Eagle County could pay cash for the Two10 project. Klosterman said the county contemplates that it will have $24.6 million in reserves at the end of 2019. However, the county has also identified $23 million of strategic priority projects. That means if it spends nearly half of its reserves on Two10, there won’t be money for other projects.

“That’s a pretty big con, because you are limiting yourself on what you are doing in the future,” said Klosterman.

The other big con is the nature of the Two10 project. Because it is an actual bricks and mortar effort, there are other financing options available to make it happen. Other county priorities cannot be financed and require cash payment.

Bank Financing

The second alternative for Two10 financing is a bank loan.

“The pro is it is tied directly to the project,” said Klosterman. She added that this alternative might even involve a local lender.

“Unfortunately, it does have the highest cost of capital,” she continued.

A bank loan could also include other stipulations including control of how much rent is charged to tenants or project changes. Additionally, Klosterman said a bank would likely limit the amount it lends on the project to around $3 million. That would mean the county would still have to pay a substantial sum from its cash reserves.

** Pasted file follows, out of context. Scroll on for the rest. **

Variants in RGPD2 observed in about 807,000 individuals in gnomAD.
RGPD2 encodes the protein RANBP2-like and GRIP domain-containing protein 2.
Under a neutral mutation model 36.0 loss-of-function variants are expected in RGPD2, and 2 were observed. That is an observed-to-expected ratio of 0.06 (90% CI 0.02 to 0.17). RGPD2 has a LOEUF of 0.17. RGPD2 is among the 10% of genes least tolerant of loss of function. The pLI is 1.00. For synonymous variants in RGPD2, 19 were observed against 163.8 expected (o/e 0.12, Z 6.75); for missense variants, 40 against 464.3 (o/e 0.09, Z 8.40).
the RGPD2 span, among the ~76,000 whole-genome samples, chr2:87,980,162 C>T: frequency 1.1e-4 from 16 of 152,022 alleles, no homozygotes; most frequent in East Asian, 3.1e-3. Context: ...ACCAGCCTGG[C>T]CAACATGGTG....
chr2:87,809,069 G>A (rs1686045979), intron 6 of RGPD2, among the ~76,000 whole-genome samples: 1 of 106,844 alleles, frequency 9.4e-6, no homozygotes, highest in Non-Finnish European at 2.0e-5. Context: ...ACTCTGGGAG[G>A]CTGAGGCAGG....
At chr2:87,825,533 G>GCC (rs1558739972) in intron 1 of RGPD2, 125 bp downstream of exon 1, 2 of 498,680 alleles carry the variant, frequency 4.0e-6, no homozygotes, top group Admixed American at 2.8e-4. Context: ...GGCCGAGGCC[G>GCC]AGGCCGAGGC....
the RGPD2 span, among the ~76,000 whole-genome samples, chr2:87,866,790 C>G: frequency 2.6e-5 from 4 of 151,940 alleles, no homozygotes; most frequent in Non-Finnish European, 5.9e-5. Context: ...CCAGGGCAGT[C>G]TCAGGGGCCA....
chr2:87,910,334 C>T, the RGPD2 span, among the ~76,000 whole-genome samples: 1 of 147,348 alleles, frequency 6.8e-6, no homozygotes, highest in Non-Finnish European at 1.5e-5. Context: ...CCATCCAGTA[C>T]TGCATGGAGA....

Certificates of Participation

Certificates of Participation are tax-exempt lease-financing agreements that are sold to investors as securities resembling bonds. Colorado courts have approved use of COPs and ruled they are exempt from the regulations of Colorado’s TABOR Amendment. The county has used certificates of participation to finance construction of the justice center addition and the maintenance service center in Gypsum.

“From a staff perspective, we believe certificates of participation are the way to go with this project,” said Klosterman. “We are in a market today where interest rates are low and I don’t see them going down. This is a good time to finance projects.”

She added it is a doubly good time to look at certificates of participation for Two10 because the county just made its final payment on the maintenance service center in Gypsum. That means the county isn’t carrying much debt, Klosterman said. She added that spending down the cash reserves would actually have a bigger impact on the county’s credit rating than issuing certificates of participation for Two10.

Given the three alternatives, the commissioners agreed that certificates of participation is the preferred Two10 financing option.

“I am very comfortable with COPs and we are legally allowed to use them,” said McQueeney. “This would be the most fiscally responsible choice for us.”